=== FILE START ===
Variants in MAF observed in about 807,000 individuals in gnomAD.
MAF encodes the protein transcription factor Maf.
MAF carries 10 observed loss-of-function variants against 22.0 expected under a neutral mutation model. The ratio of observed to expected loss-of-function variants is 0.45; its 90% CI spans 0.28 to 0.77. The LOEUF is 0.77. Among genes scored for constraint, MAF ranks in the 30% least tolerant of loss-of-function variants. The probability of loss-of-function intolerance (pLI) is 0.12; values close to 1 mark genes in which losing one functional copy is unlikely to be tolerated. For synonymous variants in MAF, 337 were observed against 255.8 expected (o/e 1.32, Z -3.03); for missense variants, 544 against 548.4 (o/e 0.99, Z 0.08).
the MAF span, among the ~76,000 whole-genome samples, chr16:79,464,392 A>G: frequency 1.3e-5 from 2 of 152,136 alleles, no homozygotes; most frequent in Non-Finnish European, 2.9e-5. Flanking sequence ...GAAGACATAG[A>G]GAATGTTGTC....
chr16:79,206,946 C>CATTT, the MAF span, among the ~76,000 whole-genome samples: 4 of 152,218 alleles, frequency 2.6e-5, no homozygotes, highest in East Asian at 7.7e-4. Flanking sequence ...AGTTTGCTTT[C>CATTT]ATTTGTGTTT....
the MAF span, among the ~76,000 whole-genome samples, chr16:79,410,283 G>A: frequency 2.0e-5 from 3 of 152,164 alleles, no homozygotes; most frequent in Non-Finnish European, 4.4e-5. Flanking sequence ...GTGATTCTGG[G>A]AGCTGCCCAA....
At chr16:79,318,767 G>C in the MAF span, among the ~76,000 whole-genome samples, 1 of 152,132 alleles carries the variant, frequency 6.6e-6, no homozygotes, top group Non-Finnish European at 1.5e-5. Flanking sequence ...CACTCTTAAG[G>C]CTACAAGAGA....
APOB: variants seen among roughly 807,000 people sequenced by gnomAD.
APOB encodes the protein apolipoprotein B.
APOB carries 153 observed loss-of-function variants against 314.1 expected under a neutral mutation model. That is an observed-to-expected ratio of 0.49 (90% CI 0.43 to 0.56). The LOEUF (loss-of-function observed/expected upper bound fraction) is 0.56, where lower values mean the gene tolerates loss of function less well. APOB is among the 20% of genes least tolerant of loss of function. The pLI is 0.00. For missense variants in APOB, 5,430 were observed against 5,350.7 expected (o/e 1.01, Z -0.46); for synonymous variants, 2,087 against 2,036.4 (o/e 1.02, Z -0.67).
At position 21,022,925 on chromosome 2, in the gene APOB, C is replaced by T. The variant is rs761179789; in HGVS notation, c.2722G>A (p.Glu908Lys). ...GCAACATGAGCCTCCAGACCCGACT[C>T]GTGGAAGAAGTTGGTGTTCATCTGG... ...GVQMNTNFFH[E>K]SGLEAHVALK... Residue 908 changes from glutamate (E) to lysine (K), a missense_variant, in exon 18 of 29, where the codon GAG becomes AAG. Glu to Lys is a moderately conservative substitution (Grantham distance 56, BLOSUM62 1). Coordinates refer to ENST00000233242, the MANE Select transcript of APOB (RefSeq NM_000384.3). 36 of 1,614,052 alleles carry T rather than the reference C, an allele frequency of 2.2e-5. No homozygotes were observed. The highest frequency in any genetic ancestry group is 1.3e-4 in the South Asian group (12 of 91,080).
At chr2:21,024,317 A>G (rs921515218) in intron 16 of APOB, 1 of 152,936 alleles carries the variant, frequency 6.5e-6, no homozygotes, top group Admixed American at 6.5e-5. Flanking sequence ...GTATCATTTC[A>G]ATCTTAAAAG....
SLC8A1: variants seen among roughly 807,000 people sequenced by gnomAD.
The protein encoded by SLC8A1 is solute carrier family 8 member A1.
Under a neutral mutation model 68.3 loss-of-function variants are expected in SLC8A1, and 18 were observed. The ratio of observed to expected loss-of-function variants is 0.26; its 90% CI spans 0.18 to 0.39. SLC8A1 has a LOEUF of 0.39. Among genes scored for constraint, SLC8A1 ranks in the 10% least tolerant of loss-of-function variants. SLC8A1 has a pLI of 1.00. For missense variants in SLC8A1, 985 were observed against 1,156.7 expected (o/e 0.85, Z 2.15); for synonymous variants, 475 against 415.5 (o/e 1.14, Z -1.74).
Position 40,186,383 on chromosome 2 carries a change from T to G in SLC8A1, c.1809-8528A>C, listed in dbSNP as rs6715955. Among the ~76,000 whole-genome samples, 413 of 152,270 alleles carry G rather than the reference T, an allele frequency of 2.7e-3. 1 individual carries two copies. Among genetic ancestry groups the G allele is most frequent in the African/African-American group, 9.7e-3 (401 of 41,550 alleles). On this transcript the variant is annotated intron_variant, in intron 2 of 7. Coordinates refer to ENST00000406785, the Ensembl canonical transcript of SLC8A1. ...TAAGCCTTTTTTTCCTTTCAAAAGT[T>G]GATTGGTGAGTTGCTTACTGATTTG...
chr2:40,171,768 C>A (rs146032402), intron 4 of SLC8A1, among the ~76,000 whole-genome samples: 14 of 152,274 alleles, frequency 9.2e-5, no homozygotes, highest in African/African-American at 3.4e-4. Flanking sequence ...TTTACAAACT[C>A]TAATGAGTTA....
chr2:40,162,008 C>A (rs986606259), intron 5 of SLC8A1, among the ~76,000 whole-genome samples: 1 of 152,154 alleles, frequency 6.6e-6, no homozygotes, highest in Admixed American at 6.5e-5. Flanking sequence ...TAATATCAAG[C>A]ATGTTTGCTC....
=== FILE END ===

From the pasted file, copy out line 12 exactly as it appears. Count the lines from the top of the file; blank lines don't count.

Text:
At chr2:21,024,317 A>G (rs921515218) in intron 16 of APOB, 1 of 152,936 alleles carries the variant, frequency 6.5e-6, no homozygotes, top group Admixed American at 6.5e-5. Flanking sequence ...GTATCATTTC[A>G]ATCTTAAAAG....